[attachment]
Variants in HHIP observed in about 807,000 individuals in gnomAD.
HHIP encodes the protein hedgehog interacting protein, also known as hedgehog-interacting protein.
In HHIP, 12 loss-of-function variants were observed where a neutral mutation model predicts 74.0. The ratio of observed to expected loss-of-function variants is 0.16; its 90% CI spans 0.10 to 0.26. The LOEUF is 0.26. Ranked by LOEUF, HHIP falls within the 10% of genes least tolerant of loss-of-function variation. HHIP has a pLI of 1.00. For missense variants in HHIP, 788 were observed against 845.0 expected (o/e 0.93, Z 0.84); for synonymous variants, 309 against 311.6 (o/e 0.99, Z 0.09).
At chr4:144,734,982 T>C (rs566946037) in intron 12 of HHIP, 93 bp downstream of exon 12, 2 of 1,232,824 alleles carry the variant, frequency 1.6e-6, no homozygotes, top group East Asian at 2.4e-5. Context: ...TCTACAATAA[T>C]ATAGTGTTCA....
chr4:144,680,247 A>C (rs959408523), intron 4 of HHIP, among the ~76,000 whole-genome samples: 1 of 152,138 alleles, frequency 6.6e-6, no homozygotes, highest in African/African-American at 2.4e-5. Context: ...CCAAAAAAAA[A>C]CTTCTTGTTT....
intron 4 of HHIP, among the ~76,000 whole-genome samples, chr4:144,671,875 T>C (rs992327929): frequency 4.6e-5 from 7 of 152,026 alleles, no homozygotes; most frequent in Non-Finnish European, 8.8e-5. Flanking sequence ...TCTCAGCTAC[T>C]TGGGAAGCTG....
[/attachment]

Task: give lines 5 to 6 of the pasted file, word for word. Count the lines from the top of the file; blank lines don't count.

chr4:144,680,247 A>C (rs959408523), intron 4 of HHIP, among the ~76,000 whole-genome samples: 1 of 152,138 alleles, frequency 6.6e-6, no homozygotes, highest in African/African-American at 2.4e-5. Context: ...CCAAAAAAAA[A>C]CTTCTTGTTT....
intron 4 of HHIP, among the ~76,000 whole-genome samples, chr4:144,671,875 T>C (rs992327929): frequency 4.6e-5 from 7 of 152,026 alleles, no homozygotes; most frequent in Non-Finnish European, 8.8e-5. Flanking sequence ...TCTCAGCTAC[T>C]TGGGAAGCTG....